@Bruce Robinson: Maybe you SHOULD get rid of those 4000 dusty books. For many years, I've made a practice of reading a book, then handing it off to a friend. Likewise, friends hand off books to me. It might not be good for book sales, but it keeps everyone reading and allows friends to make inside jokes/comments among themselves about things that happened in books ;-)

"Red Mandarin Dress" and "Death of a Red Heroine" by Qiu Xiaolong feature Chief Inspector Chen Cao of the Shanghai police. As in some of the books you mentioned, food plays a role in these novels. Based on your list, I think you might enjoy this author for combining very nice detective fiction and cultural background in modern China.

I agree with virtually all of your selections, and I think you'll enjoy Camilleri.

Page view #1 for October.

Our tastes are almost exactly the same except that (as I've noted earlier) I'm a big Sayers fan, with or without Carmichael or Petherbridge.

I've always quite enjoyed Robert Van Gulik's Judge Dee stories, and, more recently, Colin Cotterill's Dr. Siri Paiboun novels. They might fit in quite nicely on this list, though they do contain elements of the supernatural (which, arguably, the Conan Doyles do as well).

I've enjoyed Colin Cotterill's Dr. Siri Paibourn novels hugely. His struggles with an inept and insensitive Communist bureaucracy in Laos reminds us how universal the sense of struggling with inept and insensitive bureaucracies is.

re: ndrea Camilleri’s Inspector Montabano mysteries. I have read almost all of the ones translated so far. They are a lot of fun.

I've been re-reading Elizabeth Daly (American and Miss Christie's favorite American mystery writer) and am appreciating them anew. Set in New York during the War years, she has an affinity for dogs and cats, wry dialogue and quiet although deadly crimes among the books and manuscripts. Still in print, I'm happy to say. ANd it's about time Donna Leon actually allowed Brunetti to arrest someone: the menus are interesting as part of the texture of Brunetti's life, but in her most recent book, the crime nearly gets lost in chit-chat. Comme se dice "chit-chat" in Italiana?

I agree with most of your choices, although I've never gotten to Simenon. I came to Rex Stout late, and for a silly reason. I had it in my head that he wrote westerns; shades of Zane Grey! But once begun, I've read them over and over. Much better it doesn't get. I also agree with you about Parker, but with one comment; He is such a master of what he does, that I forgive him for the predictability ofr his plots. I haven't reread them yet, but I will.

As an admittedly 'occasional' mystery reader, at best, I'm still a tad chagrined that none of our blogger mystery buffs hadn't recommended the fine works by prolific African-American novelist/ essayist, Walter Mosley.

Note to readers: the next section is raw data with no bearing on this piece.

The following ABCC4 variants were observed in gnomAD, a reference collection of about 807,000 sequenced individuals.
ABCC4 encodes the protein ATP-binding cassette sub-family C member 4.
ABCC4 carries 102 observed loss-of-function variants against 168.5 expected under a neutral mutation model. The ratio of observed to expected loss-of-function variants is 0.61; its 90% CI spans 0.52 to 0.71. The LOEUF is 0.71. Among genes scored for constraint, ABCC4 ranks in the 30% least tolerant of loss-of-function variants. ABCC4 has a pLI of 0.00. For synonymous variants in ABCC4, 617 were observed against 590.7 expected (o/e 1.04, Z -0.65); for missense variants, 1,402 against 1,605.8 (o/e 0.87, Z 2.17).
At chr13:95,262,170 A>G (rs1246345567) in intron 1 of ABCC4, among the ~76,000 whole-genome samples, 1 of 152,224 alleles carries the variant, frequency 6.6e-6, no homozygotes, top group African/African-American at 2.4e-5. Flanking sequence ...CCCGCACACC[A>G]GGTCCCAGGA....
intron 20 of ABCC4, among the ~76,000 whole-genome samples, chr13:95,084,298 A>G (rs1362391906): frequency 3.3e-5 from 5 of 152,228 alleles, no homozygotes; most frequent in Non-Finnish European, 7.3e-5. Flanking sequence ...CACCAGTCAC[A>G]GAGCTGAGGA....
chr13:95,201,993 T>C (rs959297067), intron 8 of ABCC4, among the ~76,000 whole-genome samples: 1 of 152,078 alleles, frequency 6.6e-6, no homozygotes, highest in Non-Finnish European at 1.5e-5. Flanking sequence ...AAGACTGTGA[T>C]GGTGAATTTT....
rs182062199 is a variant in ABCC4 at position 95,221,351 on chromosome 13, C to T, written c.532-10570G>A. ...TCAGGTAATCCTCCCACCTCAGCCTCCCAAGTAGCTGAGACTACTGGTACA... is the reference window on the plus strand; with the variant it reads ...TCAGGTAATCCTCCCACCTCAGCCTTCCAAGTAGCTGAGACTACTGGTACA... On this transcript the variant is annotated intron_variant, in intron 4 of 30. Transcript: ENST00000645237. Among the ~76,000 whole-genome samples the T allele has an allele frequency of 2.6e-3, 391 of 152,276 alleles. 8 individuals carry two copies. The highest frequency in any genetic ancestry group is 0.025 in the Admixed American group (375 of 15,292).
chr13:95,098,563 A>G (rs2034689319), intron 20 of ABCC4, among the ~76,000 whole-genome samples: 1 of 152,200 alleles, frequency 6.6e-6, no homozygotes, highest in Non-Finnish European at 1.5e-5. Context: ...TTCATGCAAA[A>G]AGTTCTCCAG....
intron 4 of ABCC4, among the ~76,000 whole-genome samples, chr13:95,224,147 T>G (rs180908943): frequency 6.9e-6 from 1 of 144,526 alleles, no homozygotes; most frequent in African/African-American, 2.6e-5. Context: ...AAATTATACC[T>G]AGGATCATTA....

His enterprising, right-minded, self-styled, yet largely unschooled detective, Ezekiel "Easy" Rawlins, the abiding main character in his early mysteries, is a principled man who grew up on the mean, noirish streets of pre-war 1930s Los Angeles, and now as an adult, his acquired street savvy clearly informs his chosen vocation as an amateur sleuth.

I find Mosley's crime narratives richly descriptive in both establishing a believable place-and-time backdrop for his cast of 'players', as well as in capturing the authentic, precise argot of the street in the back-and-forth character dialogue, which keeps the reader (at least THIS reader) fully engaged in the unfolding plot lines.

I recommend Mosley's "A Red Death', "white butterfly', "Gone Fishin' " , "A Little Yellow Dog" and "Devil in a Blue Dress"-----the latter title popularized in the eponymously named film, starring Denzel Washington playing Det. "Easy" Rawlins.

Mosley's "Black Betty", chronologically leaps ahead some years from the mid-century era of his earlier mysteries, into the true grit of early 1960's downtown L.A. and environs; a volatile perood of brewing racial tensions in the City of Angeles. But Det. "Easy" Rawlins is still the main character in this compelling who-done-it drama.

I believe Mosley has more recently begun a whole new urban mystery series based in New York City, but I can't swear on it.

He's definitely a most gifted, smart, and entertaining mystery spinner. I recommend him highly.


For some unusual stuff, try Jan-Willem van de Wetering's Amsterdam whodunnits - Zen-propelled and interesting; and for some interesting use of language Crais' Elvis Cole and Joe Pike series; for the Swedish mentality Henning Mankell; for an intercultural element Sujata Massey.
Otherwise heartily agree with your choice of authors, in particular Sjöwal Wahlöö.

We cannot omit Baltimore's own Laura Lippman.

I prefer my Dorothy Sayers in print, not televised, by the way. Ian Carmichael was too plush and entirely too self-satisfied to be a perfect Lord Peter.

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About John McIntyre
John McIntyre, mild-mannered editor for a great metropolitan newspaper, has fussed over writers’ work, to sporadic expressions of gratitude, for thirty years. He is The Sun’s night content production manager and former head of its copy desk. He also teaches editing at Loyola University Maryland. A former president of the American Copy Editors Society, a native of Kentucky, a graduate of Michigan State and Syracuse, and a moderate prescriptivist, he writes about language, journalism, and arbitrarily chosen topics. If you are inspired by a spirit of contradiction, comment on the posts or write to him at